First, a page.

POUVILLON RESTORATION PROJECT  November 2011
A discussion of the Easter calculator's functions,
the computus.
Front elevation view of the Easter calculator set within the movement.
These photos of the front and side elevations of the
Easter calculator show how diminuitive the mechanism is.
The calculator has 7 indications. Starting from the top
dial and working clockwise we have the following:
Dominical Letter

Indiction

Golden Number

Day of week the 1^{st}
of January falls on

Solar cycle

Epact

The center dial
indicates the date that Easter will fall in
the given year.

I will explain what each dial means and if it is used
in the calculation of the date of Easter; not all dials are used for this
purpose. It is an ecclesiastical calculator involved with the Catholic and
Protestant Church’s celebration of Easter. While Christmas is what many
consider to be the most celebrated religious holiday, Easter is the most
important religious event for the church. Easter is what validates all of
Christ’s teachings.
These religious functions are not restricted to just
the calculator, although the calculator is the most obvious and unusual
mechanism in connection with this. Another portion of the clock is used in
this calculation as well as other various movable and fixed feasts as they
relate to the church’s main celebration of Easter. The rolling moon on the
right side of the clock has an unusual two month duration dial with one
sector having 29 divisions and the other 30. This was difficult to
understand until viewed within the ecclesiastical context. About a quarter
of the clock Pouvillon designed is with the ecclesiastical functions in
mind. This movement is very much a religious device with many other fancy
complications added in. It appears that the calculator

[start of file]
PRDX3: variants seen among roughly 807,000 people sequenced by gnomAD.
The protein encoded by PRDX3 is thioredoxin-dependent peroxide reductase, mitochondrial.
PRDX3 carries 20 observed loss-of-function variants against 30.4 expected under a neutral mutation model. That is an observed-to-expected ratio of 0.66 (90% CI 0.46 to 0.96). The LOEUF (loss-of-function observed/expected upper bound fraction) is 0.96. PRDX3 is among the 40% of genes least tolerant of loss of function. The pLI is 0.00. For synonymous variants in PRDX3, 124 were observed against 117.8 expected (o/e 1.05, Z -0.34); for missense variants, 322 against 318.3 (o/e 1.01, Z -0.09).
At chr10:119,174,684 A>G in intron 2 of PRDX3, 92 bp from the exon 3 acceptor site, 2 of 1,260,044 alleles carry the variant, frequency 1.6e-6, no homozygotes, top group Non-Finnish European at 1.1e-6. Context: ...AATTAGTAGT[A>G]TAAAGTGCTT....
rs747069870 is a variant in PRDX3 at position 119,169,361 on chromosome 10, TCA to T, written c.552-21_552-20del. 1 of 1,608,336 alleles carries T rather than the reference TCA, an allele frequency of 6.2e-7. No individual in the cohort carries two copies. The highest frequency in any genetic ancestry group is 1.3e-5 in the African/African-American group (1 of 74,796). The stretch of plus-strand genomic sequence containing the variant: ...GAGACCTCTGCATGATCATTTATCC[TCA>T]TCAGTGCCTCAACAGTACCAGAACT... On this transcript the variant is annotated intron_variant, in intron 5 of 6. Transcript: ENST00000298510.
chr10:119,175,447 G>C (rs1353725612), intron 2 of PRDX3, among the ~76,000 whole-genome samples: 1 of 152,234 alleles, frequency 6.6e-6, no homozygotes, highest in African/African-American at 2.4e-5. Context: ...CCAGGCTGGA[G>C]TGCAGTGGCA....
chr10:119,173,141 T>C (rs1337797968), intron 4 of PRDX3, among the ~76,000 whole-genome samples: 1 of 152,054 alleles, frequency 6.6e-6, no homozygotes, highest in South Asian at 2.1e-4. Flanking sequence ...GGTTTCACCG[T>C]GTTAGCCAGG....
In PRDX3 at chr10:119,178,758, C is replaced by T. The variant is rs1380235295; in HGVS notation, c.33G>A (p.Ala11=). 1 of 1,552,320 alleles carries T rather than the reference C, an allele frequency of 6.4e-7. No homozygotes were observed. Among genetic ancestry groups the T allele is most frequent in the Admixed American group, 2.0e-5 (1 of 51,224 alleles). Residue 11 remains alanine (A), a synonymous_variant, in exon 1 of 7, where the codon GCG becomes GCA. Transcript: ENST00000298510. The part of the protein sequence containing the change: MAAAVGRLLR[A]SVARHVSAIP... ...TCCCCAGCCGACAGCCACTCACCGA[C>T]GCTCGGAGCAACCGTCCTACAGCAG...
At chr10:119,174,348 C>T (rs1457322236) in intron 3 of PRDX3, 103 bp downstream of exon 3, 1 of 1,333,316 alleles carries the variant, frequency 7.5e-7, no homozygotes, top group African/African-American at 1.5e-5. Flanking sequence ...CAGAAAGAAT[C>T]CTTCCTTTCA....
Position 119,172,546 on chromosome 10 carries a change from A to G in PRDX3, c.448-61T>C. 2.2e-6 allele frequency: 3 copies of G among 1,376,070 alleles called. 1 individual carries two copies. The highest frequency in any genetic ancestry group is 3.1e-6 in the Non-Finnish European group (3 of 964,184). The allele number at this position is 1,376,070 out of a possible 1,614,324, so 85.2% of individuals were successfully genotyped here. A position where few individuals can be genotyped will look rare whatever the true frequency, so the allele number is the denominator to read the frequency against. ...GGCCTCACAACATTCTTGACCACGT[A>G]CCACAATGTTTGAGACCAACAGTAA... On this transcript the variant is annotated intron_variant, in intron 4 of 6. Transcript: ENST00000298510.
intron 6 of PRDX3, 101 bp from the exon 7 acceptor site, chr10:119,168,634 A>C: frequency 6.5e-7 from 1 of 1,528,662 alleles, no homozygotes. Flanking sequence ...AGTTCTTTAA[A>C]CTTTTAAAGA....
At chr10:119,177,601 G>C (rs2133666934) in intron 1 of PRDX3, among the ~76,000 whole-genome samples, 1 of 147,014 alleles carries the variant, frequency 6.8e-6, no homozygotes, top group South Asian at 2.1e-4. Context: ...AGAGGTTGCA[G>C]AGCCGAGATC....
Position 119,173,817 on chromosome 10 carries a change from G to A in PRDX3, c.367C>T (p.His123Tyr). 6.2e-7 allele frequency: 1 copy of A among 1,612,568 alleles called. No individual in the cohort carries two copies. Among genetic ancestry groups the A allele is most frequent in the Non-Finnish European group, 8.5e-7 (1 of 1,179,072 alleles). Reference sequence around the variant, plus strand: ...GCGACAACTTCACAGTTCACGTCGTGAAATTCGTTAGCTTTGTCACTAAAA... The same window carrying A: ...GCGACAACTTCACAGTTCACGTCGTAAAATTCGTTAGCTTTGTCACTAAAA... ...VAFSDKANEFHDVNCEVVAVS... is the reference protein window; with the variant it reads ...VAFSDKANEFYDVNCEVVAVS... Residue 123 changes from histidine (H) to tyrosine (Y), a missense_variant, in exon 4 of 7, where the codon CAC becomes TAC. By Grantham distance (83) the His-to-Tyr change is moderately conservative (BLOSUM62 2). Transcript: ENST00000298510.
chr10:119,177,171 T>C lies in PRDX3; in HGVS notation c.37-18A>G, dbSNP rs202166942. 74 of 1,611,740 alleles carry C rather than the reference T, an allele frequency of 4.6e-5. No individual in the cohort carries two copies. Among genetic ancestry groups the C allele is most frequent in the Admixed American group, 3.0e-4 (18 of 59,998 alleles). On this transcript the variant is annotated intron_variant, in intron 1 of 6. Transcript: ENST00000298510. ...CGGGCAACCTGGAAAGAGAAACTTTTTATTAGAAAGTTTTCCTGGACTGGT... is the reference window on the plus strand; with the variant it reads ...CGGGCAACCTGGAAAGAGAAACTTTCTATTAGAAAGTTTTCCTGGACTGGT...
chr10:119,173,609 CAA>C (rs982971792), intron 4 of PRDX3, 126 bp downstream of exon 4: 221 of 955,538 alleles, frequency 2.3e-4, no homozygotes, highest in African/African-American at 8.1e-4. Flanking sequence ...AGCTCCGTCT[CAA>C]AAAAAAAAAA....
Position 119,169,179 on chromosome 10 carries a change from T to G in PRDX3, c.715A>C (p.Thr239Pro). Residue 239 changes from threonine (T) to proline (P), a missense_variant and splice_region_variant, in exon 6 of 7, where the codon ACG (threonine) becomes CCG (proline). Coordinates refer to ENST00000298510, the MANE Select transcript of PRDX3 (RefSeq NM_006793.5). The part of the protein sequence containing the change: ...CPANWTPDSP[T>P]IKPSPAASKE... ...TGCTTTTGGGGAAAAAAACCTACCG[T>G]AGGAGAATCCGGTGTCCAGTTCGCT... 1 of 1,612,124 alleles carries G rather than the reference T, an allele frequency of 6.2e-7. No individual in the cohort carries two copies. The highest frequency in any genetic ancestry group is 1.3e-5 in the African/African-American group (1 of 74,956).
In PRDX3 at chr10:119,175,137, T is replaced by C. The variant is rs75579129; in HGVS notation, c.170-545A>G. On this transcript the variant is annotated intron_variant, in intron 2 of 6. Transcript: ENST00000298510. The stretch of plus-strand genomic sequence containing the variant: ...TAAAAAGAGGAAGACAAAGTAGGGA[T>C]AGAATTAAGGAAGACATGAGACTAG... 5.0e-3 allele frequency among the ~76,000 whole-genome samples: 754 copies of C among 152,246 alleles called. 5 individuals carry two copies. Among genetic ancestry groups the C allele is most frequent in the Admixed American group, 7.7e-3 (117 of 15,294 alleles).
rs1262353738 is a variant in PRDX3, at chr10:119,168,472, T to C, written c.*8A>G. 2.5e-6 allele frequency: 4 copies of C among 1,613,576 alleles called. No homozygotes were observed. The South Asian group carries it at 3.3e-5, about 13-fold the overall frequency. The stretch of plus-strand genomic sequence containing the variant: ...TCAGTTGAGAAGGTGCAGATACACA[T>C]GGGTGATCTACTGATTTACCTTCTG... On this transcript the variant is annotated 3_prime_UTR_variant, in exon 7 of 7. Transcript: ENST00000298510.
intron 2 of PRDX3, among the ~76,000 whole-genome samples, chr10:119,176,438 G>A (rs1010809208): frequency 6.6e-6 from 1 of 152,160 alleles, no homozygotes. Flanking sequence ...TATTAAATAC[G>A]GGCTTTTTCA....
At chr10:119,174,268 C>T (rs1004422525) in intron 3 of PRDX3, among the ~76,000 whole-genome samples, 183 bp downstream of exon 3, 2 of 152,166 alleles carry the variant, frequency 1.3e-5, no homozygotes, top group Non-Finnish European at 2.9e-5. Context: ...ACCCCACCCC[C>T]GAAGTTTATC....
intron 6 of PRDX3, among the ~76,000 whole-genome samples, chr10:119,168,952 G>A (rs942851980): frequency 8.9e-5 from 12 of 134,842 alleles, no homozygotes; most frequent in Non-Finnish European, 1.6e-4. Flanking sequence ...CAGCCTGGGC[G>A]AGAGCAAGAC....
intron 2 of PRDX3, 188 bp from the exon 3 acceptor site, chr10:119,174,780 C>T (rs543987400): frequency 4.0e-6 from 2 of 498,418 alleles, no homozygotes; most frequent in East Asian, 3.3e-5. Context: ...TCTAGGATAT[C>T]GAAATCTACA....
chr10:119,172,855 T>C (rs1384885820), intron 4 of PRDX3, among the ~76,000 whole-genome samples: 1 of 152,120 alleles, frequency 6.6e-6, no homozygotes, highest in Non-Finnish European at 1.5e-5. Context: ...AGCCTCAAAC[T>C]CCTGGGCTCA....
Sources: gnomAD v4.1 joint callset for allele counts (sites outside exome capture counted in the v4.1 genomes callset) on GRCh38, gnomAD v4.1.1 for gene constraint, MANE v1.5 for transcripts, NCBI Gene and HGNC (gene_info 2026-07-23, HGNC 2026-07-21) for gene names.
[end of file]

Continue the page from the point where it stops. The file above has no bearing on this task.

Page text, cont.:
was added quite late in the life of the clock before the passing of
Pouvillon in 1969 at the age of 91. We have a date stamped on the Easter
disc of 1946 and two newspaper articles from 1953 and 1955 indicating that
he was still perfecting the Easter calculator. It is also possible that he
added the movable feast indicators on the tellurian dial during this time.
In other words, most of the religious functions could have been added to the
clock when Pouvillon was in his late 60’s. The clock could have taken a more
religious tone in Pouvillon’s later life. I have left all of the links
originally provided in the Wikipedia references so one can further expand on
those items highlighted in blue.
In principle, the date of Easter is defined as the Sunday following the
full moon
following
vernal equinox (the socalled
Paschal Full Moon). In the current year it’s pretty easy to find the
vernal equinox, it’s commonly known as the first day of Spring, March
21st, when the
length of the day as well as the night are equal. Then look up the current
table of the moon’s phases, find when the first full moon occurs after the
first day of Spring and then pick the following Sunday. BUT, here the